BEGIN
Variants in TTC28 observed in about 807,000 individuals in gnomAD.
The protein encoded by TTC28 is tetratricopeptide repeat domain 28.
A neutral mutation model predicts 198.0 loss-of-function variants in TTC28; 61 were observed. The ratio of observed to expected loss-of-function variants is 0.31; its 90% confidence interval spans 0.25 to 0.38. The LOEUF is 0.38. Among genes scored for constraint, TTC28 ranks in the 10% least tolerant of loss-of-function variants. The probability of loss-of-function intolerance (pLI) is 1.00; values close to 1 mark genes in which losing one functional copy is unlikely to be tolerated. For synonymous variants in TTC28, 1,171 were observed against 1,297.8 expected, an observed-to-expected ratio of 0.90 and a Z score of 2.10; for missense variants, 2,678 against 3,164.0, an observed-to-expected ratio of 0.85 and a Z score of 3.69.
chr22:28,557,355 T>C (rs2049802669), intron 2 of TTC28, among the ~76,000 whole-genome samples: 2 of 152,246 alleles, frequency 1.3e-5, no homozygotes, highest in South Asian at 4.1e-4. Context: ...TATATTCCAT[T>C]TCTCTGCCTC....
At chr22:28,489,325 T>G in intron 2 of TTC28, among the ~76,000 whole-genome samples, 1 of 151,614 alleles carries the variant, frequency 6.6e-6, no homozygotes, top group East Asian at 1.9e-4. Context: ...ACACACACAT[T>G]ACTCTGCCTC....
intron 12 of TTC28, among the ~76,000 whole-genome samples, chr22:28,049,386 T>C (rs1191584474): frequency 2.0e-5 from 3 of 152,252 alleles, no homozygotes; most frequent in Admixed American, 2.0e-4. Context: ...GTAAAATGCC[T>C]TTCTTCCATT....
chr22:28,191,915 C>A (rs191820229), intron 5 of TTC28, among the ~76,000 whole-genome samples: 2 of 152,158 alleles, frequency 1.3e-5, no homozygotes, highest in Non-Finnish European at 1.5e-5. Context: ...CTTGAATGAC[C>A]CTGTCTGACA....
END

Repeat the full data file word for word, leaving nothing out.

Variants in TTC28 observed in about 807,000 individuals in gnomAD.
The protein encoded by TTC28 is tetratricopeptide repeat domain 28.
A neutral mutation model predicts 198.0 loss-of-function variants in TTC28; 61 were observed. The ratio of observed to expected loss-of-function variants is 0.31; its 90% confidence interval spans 0.25 to 0.38. The LOEUF is 0.38. Among genes scored for constraint, TTC28 ranks in the 10% least tolerant of loss-of-function variants. The probability of loss-of-function intolerance (pLI) is 1.00; values close to 1 mark genes in which losing one functional copy is unlikely to be tolerated. For synonymous variants in TTC28, 1,171 were observed against 1,297.8 expected, an observed-to-expected ratio of 0.90 and a Z score of 2.10; for missense variants, 2,678 against 3,164.0, an observed-to-expected ratio of 0.85 and a Z score of 3.69.
chr22:28,557,355 T>C (rs2049802669), intron 2 of TTC28, among the ~76,000 whole-genome samples: 2 of 152,246 alleles, frequency 1.3e-5, no homozygotes, highest in South Asian at 4.1e-4. Context: ...TATATTCCAT[T>C]TCTCTGCCTC....
At chr22:28,489,325 T>G in intron 2 of TTC28, among the ~76,000 whole-genome samples, 1 of 151,614 alleles carries the variant, frequency 6.6e-6, no homozygotes, top group East Asian at 1.9e-4. Context: ...ACACACACAT[T>G]ACTCTGCCTC....
intron 12 of TTC28, among the ~76,000 whole-genome samples, chr22:28,049,386 T>C (rs1191584474): frequency 2.0e-5 from 3 of 152,252 alleles, no homozygotes; most frequent in Admixed American, 2.0e-4. Context: ...GTAAAATGCC[T>C]TTCTTCCATT....
chr22:28,191,915 C>A (rs191820229), intron 5 of TTC28, among the ~76,000 whole-genome samples: 2 of 152,158 alleles, frequency 1.3e-5, no homozygotes, highest in Non-Finnish European at 1.5e-5. Context: ...CTTGAATGAC[C>A]CTGTCTGACA....